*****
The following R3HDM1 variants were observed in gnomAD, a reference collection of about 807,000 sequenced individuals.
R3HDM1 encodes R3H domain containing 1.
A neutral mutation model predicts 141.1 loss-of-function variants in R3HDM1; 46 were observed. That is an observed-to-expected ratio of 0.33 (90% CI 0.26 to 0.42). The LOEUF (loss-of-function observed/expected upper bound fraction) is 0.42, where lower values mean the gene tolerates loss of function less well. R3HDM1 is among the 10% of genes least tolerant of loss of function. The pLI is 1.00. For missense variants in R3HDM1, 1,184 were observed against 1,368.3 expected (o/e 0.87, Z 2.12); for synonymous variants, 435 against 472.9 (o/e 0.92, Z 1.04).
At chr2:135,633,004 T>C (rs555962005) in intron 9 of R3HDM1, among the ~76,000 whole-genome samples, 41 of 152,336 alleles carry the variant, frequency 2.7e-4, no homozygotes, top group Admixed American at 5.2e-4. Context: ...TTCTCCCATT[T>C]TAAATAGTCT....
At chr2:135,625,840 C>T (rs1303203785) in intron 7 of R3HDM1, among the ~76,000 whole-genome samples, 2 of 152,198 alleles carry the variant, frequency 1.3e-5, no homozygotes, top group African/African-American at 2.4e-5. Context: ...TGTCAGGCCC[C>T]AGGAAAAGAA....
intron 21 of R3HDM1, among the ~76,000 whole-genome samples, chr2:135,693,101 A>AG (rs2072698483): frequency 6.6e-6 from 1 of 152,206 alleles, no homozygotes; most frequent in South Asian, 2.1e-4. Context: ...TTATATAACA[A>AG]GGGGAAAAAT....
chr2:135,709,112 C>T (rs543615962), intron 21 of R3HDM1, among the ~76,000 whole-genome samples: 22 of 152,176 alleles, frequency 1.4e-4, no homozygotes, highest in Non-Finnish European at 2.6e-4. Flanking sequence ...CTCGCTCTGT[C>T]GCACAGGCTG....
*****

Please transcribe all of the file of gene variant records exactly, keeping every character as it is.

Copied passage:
The following R3HDM1 variants were observed in gnomAD, a reference collection of about 807,000 sequenced individuals.
R3HDM1 encodes R3H domain containing 1.
A neutral mutation model predicts 141.1 loss-of-function variants in R3HDM1; 46 were observed. That is an observed-to-expected ratio of 0.33 (90% CI 0.26 to 0.42). The LOEUF (loss-of-function observed/expected upper bound fraction) is 0.42, where lower values mean the gene tolerates loss of function less well. R3HDM1 is among the 10% of genes least tolerant of loss of function. The pLI is 1.00. For missense variants in R3HDM1, 1,184 were observed against 1,368.3 expected (o/e 0.87, Z 2.12); for synonymous variants, 435 against 472.9 (o/e 0.92, Z 1.04).
At chr2:135,633,004 T>C (rs555962005) in intron 9 of R3HDM1, among the ~76,000 whole-genome samples, 41 of 152,336 alleles carry the variant, frequency 2.7e-4, no homozygotes, top group Admixed American at 5.2e-4. Context: ...TTCTCCCATT[T>C]TAAATAGTCT....
At chr2:135,625,840 C>T (rs1303203785) in intron 7 of R3HDM1, among the ~76,000 whole-genome samples, 2 of 152,198 alleles carry the variant, frequency 1.3e-5, no homozygotes, top group African/African-American at 2.4e-5. Context: ...TGTCAGGCCC[C>T]AGGAAAAGAA....
intron 21 of R3HDM1, among the ~76,000 whole-genome samples, chr2:135,693,101 A>AG (rs2072698483): frequency 6.6e-6 from 1 of 152,206 alleles, no homozygotes; most frequent in South Asian, 2.1e-4. Context: ...TTATATAACA[A>AG]GGGGAAAAAT....
chr2:135,709,112 C>T (rs543615962), intron 21 of R3HDM1, among the ~76,000 whole-genome samples: 22 of 152,176 alleles, frequency 1.4e-4, no homozygotes, highest in Non-Finnish European at 2.6e-4. Flanking sequence ...CTCGCTCTGT[C>T]GCACAGGCTG....